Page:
Losing Iraq

From a purely symbolic point of view, President Bush hardly could have picked a more unfortunate day than this past Monday to emerge from vacation and speak out in defense of his Iraq war policy.

Beset by falling polls and burgeoning anti-war protests, Bush chose a friendly audience at a Veterans of Foreign Wars convention in Salt Lake City and made his best pitch. He acknowledged the war’s toll, something he has declined to do through months of mounting casualties. He expressed sympathy for the fallen and vowed to “finish the task that they gave their lives for.” He promised to work to rebuild Iraq and Afghanistan as allies who could help America “fight and win the war on terror.”

The message wasn’t a new one, but it was especially pointed Monday. That was the day that Iraq’s political leaders were supposed to hand parliament the final draft of their nation’s new constitution, the blueprint for the model democracy that the Bush administration had promised to build in Iraq. Freed from the hated Saddam Hussein dictatorship, Iraqis were going to show that they could share power equitably among their squabbling ethnic and religious factions and set an example of stability, transparency and human rights for the rest of the Arab and Muslim world. If there was a task our troops gave their lives for, this was it.

Of course, that’s not what happened. After missing their original deadline and taking a one-week extension, the constitutional drafters found themselves unable to bridge the gaps among the factions. Instead of reaching consensus as required, the two strongest factions, the Shi’ites and the Kurds, cut a deal that excluded the third faction, the Sunnis. The likely result will be increased bitterness among the Sunnis, and an escalation of the bloody insurgency they’ve been waging for the past two years.

More embarrassing to the Bush administration are the details in the constitution that so angered the Sunnis. Administration experts were hoping that the constitutional talks would lead to a deal under which Shi’ite pressure would temper the Kurds’ separatist ambitions and ensure a strong central state, while the Kurds would rein in the Islamist theocratic ambitions of the Shi’ites. What emerged was the opposite. The draft constitution is a blueprint for a weak federal state with strong Islamic influence on its legal and judicial system. It’s a constitution that promises reduced rights for women, greater influence for Islamic radicals and continuing instability. It’s an embarrassment to America, a setback for democracy and a boon to the Shi’ite Islamic republic next door to Iraq, namely Iran.

Monday, as it happened, was also the day that police in the Kingdom of Jordan made their first arrest in the case of the previous Friday’s rocket attack on American ships in Aqaba harbor. The rockets had missed the American ships but killed one Jordanian soldier in Aqaba city and damaged some property in the neighboring Israeli port city of Eilat. By Tuesday, it was clear that the attack had been planned and carried out by the Iraqi-based Al Qaeda organization led by Abu Mussab al-Zarqawi.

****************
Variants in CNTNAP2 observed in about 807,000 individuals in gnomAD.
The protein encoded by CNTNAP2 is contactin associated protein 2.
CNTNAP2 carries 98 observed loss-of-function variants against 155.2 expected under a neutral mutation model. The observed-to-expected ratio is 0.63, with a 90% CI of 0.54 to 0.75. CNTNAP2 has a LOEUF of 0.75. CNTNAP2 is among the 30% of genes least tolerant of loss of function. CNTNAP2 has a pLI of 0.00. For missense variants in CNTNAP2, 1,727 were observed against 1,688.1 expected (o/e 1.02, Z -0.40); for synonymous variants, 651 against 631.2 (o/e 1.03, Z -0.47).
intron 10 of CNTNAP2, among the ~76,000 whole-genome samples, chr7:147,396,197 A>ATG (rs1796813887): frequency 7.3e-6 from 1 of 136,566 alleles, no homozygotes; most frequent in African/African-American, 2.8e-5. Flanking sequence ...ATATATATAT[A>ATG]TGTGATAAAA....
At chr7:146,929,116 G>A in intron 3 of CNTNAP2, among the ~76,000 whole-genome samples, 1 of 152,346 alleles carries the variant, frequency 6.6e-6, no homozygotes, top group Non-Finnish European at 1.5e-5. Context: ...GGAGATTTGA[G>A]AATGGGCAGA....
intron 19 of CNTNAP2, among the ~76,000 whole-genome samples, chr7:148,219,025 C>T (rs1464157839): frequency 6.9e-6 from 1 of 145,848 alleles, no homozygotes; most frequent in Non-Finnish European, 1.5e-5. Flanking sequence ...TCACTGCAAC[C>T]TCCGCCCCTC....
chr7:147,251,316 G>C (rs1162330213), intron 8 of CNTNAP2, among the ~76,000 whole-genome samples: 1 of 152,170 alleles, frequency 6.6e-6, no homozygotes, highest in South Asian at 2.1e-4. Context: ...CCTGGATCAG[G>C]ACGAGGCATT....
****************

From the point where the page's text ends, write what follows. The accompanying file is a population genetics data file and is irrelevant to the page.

Zarqawi, analysts say, is fast emerging as the main leader of international jihadist terrorism, perhaps even eclipsing Osama bin Laden. Exploiting the chaos we’ve created over the past two years, he’s managing to set up an effective base of operations in Iraq from which he’s able to export terrorism to other parts of the Middle East. As this week’s rocket attacks demonstrated, he’s moved Al Qaeda right up to Israel’s doorstep.

That’s how we’re fighting and winning the war on terror.

Polls show that Americans are fed up with the Iraq adventure and are ready to start pulling out. In a Gallup poll released earlier this month, only 34% said the Iraq War had made us safer, while 57% said we were less safe and 56% said it’s time to start pulling out the troops. Even within the president’s own party, support is starting to crumble. One leading Republican senator, Chuck Hagel of Nebraska, a foreign-policy expert who’s been spoken about as a possible presidential candidate, said this week that Iraq was starting to look like Vietnam. Once people start talking that way, the game is up.

The pity of it all is that America actually needs a war plan in Iraq right now — if only to clear up the mess we’ve created over the past two years — but we’re less likely than ever to get one, unless the president changes course soon and starts listening to his critics.

The views and opinions expressed in this article are the author’s own and do not necessarily reflect those of the Forward.
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Losing Iraq

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